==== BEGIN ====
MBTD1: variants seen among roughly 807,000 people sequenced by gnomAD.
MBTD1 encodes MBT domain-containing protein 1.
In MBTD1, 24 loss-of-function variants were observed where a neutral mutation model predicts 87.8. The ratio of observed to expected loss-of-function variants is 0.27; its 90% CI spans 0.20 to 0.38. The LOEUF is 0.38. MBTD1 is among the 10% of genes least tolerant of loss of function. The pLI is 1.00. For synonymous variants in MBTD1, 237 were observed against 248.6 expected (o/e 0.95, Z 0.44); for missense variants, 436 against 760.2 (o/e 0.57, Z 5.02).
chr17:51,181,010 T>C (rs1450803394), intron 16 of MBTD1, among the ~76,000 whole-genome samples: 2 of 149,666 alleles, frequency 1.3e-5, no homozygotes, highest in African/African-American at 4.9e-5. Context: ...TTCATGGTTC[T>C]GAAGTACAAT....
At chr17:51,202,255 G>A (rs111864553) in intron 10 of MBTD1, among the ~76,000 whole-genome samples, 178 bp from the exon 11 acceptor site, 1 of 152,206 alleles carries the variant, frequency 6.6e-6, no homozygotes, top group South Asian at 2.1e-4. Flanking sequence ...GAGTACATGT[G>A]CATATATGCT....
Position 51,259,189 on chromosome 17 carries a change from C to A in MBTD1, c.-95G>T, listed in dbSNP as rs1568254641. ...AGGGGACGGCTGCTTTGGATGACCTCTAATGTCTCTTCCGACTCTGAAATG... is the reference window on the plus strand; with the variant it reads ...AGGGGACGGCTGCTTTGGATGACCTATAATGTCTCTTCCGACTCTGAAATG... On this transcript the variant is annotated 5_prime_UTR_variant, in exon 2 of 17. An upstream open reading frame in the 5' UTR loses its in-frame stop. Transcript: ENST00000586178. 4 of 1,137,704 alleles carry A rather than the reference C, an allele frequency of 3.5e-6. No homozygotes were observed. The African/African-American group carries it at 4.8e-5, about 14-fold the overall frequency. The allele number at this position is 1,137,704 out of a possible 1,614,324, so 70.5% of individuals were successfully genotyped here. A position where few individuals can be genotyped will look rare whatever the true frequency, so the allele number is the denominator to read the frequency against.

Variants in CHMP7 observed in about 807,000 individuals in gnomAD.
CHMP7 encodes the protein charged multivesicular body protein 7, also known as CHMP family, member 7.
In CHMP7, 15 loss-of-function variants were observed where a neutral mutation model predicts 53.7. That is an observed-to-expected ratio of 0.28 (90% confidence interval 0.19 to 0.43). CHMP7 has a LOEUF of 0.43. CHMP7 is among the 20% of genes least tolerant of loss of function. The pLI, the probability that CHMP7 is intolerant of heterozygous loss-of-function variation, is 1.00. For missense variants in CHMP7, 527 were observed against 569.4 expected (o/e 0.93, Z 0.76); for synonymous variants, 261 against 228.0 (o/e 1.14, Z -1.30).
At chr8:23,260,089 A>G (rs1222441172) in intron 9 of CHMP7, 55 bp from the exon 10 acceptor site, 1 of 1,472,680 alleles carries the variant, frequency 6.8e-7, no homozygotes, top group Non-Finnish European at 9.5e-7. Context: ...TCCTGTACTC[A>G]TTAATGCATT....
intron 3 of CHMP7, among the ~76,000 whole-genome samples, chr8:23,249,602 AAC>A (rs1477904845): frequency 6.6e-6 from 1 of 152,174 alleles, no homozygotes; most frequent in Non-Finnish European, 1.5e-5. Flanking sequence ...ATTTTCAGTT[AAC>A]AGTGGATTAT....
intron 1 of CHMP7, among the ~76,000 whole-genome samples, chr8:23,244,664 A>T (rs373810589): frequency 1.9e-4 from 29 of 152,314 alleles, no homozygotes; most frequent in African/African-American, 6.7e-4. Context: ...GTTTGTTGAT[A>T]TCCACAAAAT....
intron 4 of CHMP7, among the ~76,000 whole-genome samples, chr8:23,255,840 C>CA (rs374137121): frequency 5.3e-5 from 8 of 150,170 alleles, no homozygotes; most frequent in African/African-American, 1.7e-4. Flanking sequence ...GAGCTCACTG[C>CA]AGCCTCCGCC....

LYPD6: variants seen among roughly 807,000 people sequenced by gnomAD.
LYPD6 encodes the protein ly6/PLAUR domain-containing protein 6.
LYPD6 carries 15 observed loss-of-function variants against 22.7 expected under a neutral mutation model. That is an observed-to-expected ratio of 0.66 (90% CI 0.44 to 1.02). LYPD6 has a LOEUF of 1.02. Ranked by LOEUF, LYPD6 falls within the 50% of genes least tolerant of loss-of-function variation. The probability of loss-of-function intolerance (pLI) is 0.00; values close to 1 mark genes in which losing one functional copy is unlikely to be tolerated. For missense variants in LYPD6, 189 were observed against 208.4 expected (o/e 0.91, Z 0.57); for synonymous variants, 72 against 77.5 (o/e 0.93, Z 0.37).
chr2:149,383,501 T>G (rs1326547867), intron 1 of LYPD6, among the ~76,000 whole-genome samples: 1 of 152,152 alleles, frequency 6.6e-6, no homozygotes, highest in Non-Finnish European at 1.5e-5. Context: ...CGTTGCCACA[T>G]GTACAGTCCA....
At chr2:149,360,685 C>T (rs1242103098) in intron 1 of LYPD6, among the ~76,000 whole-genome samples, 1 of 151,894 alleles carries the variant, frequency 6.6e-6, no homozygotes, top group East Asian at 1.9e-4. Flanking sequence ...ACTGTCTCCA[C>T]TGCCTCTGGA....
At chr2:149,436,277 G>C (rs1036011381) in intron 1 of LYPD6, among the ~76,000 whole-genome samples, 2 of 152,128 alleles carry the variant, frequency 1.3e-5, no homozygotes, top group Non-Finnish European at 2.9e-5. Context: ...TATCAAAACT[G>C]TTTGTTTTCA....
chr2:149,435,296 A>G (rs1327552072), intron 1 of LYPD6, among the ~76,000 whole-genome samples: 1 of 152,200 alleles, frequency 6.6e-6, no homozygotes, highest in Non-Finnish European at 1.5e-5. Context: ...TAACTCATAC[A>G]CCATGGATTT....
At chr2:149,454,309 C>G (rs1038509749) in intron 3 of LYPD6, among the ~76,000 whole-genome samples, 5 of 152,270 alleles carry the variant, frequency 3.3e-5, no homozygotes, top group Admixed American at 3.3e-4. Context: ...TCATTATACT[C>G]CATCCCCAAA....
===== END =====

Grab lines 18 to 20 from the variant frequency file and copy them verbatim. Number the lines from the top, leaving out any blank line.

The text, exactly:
At chr2:149,360,685 C>T (rs1242103098) in intron 1 of LYPD6, among the ~76,000 whole-genome samples, 1 of 151,894 alleles carries the variant, frequency 6.6e-6, no homozygotes, top group East Asian at 1.9e-4. Flanking sequence ...ACTGTCTCCA[C>T]TGCCTCTGGA....
At chr2:149,436,277 G>C (rs1036011381) in intron 1 of LYPD6, among the ~76,000 whole-genome samples, 2 of 152,128 alleles carry the variant, frequency 1.3e-5, no homozygotes, top group Non-Finnish European at 2.9e-5. Context: ...TATCAAAACT[G>C]TTTGTTTTCA....
chr2:149,435,296 A>G (rs1327552072), intron 1 of LYPD6, among the ~76,000 whole-genome samples: 1 of 152,200 alleles, frequency 6.6e-6, no homozygotes, highest in Non-Finnish European at 1.5e-5. Context: ...TAACTCATAC[A>G]CCATGGATTT....